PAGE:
When the news broke recently that a trophy hunter paid $350,000 for the opportunity to kill a critically endangered black rhinoceros, a groundswell of outrage surged through the media. But this record-breaking permit fee, which is slated to be donated to anti-poaching efforts, is a drop in the bucket compared to the millions of dollars in revenue generated by legal polar bear hunting in Canada. A stuffed polar bear can fetch as much as $100,000 on the open market, and little, if any, of that money will be used for polar bear conservation.
The sanctioned hunting of rhinos and polar bears, whether for commercial profit or to raise money for charity, seems like a conservation tragedy – a failing of the systems put in place to protect species threatened with extinction. Some experts argue, however, that worrying about the fate of a handful of animals that find themselves in the trophy hunters’ crosshairs is not only a waste of time for conservationists, but actually damages efforts to protect the species.
“The real tragedy here is that the one rhino that will be killed as a result of [the recent] auction has received a disproportionate amount of media attention compared to the hundreds of rhinos lost to poaching each year, which remain largely invisible,” argues Jason G. Goldman in his article in Conservation magazine.
The problem of misplaced media attention is at the heart of the scientific debate on how to stop polar bears’ march toward extinction.
In 2013, the Parties to the Convention on International Trade in Endangered Species (CITES) met to discuss a proposal to transfer polar bears from Appendix II to Appendix I, a move that would have banned the trade in polar bear products in international markets. This proposal had vocal support from a number of NGOs, including the International Fund for Animal Welfare, Humane Society International, and the Natural Resources Defense Council, which argued that CITES must ensure that “international commercial trade in polar bears comes to an end in order to eliminate this threat to the species’ survival.”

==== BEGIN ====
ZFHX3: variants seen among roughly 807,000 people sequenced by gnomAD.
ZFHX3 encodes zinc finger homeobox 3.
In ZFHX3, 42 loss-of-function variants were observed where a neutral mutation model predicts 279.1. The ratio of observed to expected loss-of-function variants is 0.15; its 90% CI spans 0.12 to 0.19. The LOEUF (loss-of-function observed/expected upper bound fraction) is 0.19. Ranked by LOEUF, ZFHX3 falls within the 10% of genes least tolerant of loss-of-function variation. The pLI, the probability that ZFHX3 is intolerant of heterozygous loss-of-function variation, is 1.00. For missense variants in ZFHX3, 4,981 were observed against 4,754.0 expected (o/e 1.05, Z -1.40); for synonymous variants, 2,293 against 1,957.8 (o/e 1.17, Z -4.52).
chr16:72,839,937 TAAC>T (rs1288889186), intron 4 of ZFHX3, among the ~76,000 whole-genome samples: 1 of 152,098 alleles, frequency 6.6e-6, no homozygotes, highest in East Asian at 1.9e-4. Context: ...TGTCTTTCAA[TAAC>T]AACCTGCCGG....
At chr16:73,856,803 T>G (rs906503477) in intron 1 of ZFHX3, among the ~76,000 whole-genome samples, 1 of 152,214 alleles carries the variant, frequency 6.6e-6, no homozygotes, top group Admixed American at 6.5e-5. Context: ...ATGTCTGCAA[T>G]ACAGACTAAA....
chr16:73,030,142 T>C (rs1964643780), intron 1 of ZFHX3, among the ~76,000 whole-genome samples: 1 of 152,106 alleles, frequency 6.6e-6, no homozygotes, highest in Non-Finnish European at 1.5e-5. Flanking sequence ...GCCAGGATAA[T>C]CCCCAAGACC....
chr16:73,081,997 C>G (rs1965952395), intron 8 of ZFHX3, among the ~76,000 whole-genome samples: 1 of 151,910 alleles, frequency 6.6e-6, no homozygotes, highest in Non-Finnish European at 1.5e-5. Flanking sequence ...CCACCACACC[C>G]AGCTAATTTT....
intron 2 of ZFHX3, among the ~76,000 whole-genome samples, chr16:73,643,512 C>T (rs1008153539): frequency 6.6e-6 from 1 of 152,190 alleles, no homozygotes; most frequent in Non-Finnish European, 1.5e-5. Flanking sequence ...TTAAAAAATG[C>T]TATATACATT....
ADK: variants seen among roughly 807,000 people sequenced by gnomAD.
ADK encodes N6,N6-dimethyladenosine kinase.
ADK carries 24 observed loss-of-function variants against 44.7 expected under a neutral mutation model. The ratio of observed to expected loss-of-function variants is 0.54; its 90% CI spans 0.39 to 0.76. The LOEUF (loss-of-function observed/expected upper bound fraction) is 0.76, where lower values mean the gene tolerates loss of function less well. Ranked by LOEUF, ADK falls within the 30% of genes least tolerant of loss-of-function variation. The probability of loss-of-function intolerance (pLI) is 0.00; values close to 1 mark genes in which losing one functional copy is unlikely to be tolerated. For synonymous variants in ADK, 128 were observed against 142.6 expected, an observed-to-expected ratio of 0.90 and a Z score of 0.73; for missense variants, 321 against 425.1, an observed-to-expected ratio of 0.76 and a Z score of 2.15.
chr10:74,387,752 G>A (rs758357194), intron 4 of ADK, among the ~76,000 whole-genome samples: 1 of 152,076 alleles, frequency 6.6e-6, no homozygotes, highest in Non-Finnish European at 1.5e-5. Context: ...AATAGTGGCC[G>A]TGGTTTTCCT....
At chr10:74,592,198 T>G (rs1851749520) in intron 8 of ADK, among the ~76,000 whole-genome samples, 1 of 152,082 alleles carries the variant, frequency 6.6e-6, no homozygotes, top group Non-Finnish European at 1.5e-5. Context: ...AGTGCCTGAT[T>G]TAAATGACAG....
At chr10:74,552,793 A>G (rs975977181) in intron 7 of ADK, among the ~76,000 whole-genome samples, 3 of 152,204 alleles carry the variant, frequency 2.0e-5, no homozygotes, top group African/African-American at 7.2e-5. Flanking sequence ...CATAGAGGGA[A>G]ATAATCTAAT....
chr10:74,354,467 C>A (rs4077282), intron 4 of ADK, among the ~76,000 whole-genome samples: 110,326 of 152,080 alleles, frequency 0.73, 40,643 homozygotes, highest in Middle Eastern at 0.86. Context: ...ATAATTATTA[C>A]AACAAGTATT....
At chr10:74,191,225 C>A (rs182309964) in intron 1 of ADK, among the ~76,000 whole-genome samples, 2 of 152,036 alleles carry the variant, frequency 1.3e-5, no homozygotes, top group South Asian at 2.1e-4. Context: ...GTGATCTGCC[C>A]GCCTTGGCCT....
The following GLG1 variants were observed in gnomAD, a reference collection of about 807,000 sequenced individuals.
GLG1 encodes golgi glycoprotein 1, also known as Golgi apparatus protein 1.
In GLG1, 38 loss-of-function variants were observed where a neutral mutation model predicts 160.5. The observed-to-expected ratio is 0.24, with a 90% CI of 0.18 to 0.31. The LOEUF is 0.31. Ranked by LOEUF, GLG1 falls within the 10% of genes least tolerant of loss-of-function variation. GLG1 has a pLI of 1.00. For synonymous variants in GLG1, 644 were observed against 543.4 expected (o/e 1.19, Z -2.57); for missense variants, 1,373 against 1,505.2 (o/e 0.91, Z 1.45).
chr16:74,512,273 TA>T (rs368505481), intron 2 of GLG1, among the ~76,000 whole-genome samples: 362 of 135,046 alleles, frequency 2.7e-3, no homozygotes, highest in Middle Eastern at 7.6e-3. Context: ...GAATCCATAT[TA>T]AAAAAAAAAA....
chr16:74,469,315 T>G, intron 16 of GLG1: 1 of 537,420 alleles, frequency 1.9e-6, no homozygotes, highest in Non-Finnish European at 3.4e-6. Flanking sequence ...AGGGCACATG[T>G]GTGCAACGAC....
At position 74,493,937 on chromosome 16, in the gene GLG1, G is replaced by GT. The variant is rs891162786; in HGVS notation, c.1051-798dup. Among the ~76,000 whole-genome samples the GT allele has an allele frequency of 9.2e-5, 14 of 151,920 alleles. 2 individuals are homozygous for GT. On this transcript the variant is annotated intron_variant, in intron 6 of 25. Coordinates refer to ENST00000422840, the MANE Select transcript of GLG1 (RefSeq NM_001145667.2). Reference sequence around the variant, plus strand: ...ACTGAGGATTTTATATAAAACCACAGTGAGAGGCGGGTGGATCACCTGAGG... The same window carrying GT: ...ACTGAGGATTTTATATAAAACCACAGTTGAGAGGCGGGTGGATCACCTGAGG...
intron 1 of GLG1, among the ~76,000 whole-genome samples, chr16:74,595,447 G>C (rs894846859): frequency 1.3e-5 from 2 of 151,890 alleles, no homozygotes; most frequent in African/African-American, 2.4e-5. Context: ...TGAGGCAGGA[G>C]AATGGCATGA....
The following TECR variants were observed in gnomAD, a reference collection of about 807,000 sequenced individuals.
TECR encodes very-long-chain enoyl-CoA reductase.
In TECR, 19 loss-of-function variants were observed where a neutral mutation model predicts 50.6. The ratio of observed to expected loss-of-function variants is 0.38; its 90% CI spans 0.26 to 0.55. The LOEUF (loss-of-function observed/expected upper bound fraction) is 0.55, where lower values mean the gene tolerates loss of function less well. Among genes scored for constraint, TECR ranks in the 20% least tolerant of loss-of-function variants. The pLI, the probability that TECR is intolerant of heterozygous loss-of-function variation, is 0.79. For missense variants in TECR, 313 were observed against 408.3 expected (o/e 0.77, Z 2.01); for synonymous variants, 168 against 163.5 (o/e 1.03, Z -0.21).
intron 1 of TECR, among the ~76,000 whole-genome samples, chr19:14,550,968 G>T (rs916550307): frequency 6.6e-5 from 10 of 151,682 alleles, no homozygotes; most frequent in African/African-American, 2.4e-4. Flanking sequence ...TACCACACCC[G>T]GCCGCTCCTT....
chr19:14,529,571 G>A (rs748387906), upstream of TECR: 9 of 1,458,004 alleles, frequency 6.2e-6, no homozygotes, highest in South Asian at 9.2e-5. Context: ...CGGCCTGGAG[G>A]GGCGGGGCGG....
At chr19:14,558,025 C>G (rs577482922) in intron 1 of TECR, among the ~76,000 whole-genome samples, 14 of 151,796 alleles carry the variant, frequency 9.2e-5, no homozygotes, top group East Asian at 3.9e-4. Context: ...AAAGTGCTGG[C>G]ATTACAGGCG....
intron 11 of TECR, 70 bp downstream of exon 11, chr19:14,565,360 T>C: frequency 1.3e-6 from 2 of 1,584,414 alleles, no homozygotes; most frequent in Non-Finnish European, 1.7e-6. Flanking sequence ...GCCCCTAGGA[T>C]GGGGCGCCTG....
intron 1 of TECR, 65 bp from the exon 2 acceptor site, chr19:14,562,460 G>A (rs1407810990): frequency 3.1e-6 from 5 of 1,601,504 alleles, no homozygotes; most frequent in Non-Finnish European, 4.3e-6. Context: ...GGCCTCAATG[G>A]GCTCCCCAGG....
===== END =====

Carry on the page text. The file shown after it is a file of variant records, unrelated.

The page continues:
Other organizations, including the IUCN Polar Bear Specialist Group and the government of Canada, argued that international trade is not a threat to polar bears. A majority of CITES member countries agreed, and the proposal did not pass.
Some NGOs regarded this decision as a terrible blow to polar bear conservation. But one group of academics has identified the media attention surrounding the CITES proposal as an even bigger threat to polar bears.
A recent scientific article appearing in the journal Global Environmental Change analyzed the frenzy of media attention that the CITES proposal received, and concluded that “by rendering discourses of commercial hunting and a lucrative global trade in polar bear parts highly visible, sustainable hunting and climate change-induced habitat loss were rendered invisible.”
For many conservationists working to ensure the survival of polar bears, this shifting of media focus away from climate change was regarded as the worst possible outcome of the public debate on polar bear hunting.
“Restricting legal trade across international borders has no guarantee of affecting harvest, and affecting harvest is not really the problem,” suggested polar bear scientist Steven Amstrup in an interview with Laurel Neme of National Geographic in the run up to the CITES vote. “Saving polar bears is all about stopping temperature rise.”
Polar Bears International, the NGO for which Amstrup is a scientific advisor, emphasizes that it is the melting of sea-ice in the Arctic that remains the primary threat to polar bears’ survival – not direct hunting. Amstrup expressed his frustration to NPR recently about the failure of governments to address the issue of global warming: “It’s really, really clear we have a problem. And yet we see very little action on either the national or even the international scale.”
The question conservationists – and the media – need to grapple with is how to acknowledge the outrage that many feel at allowing hunters to target polar bears (and other vulnerable species) without losing sight of the most important threat to their survival: greenhouse gas emissions. For some polar bear experts, this might mean leaving the issue of trophy hunting off the table. For now.